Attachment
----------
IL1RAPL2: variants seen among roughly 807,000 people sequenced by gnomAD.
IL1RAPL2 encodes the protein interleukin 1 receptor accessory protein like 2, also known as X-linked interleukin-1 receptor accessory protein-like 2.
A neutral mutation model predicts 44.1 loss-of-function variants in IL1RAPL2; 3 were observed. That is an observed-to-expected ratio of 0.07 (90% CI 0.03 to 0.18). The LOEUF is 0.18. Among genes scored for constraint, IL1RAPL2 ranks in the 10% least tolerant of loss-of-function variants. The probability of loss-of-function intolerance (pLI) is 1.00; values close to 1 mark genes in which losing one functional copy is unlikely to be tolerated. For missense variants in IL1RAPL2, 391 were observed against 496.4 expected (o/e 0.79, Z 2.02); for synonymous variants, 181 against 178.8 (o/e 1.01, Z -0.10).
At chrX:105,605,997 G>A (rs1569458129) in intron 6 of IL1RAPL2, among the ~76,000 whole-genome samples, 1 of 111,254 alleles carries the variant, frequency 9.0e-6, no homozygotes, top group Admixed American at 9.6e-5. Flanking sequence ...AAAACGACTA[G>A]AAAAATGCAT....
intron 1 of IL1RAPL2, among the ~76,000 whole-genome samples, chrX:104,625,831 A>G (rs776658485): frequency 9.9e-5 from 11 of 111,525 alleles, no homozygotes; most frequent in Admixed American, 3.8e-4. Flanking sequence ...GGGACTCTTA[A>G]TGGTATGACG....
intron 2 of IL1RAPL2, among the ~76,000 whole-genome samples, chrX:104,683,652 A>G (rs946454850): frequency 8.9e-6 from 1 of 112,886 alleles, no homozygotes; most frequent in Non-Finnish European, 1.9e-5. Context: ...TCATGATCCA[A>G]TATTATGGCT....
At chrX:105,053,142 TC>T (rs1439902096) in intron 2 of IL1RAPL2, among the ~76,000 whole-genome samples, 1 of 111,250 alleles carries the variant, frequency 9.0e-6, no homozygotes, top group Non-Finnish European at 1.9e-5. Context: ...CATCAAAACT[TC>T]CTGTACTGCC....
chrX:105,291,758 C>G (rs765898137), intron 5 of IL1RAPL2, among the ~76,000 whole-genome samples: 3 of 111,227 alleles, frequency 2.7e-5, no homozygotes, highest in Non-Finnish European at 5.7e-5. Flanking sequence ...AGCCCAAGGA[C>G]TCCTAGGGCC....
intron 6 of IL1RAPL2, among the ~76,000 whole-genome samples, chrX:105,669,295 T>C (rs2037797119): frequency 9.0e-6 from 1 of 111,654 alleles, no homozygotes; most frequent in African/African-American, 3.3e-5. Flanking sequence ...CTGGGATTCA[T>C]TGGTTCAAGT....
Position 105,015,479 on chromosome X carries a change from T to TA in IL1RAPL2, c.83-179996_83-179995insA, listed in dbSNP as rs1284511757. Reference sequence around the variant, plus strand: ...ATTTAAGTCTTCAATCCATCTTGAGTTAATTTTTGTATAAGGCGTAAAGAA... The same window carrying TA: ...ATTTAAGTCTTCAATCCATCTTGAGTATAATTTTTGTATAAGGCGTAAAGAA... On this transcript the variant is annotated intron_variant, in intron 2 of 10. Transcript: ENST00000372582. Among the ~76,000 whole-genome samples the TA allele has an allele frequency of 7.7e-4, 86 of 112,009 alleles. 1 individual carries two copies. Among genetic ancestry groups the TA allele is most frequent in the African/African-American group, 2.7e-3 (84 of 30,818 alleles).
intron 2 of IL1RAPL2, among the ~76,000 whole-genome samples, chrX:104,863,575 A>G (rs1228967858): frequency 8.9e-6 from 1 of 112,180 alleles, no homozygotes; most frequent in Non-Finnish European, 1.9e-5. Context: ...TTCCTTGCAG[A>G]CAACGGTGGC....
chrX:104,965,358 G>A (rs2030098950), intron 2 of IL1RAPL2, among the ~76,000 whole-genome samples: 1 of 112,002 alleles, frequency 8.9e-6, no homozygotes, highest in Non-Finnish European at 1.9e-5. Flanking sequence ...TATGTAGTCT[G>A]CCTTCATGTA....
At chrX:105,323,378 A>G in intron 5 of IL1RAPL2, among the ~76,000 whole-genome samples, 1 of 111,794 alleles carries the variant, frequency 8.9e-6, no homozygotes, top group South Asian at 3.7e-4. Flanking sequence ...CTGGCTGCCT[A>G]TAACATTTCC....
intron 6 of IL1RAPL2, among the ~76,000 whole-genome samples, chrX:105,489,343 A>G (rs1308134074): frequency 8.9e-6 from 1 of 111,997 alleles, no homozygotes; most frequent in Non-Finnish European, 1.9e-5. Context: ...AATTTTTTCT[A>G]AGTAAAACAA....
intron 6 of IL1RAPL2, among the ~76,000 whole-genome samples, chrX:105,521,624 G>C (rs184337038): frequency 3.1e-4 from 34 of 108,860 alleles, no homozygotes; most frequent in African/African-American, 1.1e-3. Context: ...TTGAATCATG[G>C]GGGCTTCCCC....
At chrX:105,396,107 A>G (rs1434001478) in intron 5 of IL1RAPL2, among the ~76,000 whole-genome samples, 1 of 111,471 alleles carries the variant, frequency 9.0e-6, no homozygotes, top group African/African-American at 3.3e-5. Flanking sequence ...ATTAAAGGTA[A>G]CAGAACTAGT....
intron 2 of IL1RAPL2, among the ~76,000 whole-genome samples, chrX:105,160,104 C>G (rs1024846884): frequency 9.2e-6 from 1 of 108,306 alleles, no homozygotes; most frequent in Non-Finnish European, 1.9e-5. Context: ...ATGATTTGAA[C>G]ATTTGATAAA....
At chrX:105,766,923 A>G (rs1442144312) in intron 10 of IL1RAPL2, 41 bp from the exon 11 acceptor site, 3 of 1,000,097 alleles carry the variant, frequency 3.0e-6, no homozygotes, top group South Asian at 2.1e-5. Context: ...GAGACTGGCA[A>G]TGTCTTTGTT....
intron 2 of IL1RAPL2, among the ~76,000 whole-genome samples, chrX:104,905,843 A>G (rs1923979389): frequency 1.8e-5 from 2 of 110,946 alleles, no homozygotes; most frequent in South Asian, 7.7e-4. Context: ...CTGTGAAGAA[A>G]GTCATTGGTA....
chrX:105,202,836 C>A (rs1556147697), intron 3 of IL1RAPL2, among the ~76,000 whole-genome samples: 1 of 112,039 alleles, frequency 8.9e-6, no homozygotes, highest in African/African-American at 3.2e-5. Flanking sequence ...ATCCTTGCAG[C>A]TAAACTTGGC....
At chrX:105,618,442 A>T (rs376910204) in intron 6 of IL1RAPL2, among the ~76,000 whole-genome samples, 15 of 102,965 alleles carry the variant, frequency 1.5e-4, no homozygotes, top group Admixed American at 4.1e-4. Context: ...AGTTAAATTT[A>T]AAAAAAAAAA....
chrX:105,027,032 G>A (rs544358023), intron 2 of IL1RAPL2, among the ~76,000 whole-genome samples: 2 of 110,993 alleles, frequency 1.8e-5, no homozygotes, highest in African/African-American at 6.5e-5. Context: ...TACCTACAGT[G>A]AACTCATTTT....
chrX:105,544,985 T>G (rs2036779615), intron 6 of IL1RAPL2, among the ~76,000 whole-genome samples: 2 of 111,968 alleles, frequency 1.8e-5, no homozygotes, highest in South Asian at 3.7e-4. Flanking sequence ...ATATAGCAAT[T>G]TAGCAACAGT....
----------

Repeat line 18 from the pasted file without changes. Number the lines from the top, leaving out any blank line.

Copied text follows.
At chrX:105,766,923 A>G (rs1442144312) in intron 10 of IL1RAPL2, 41 bp from the exon 11 acceptor site, 3 of 1,000,097 alleles carry the variant, frequency 3.0e-6, no homozygotes, top group South Asian at 2.1e-5. Context: ...GAGACTGGCA[A>G]TGTCTTTGTT....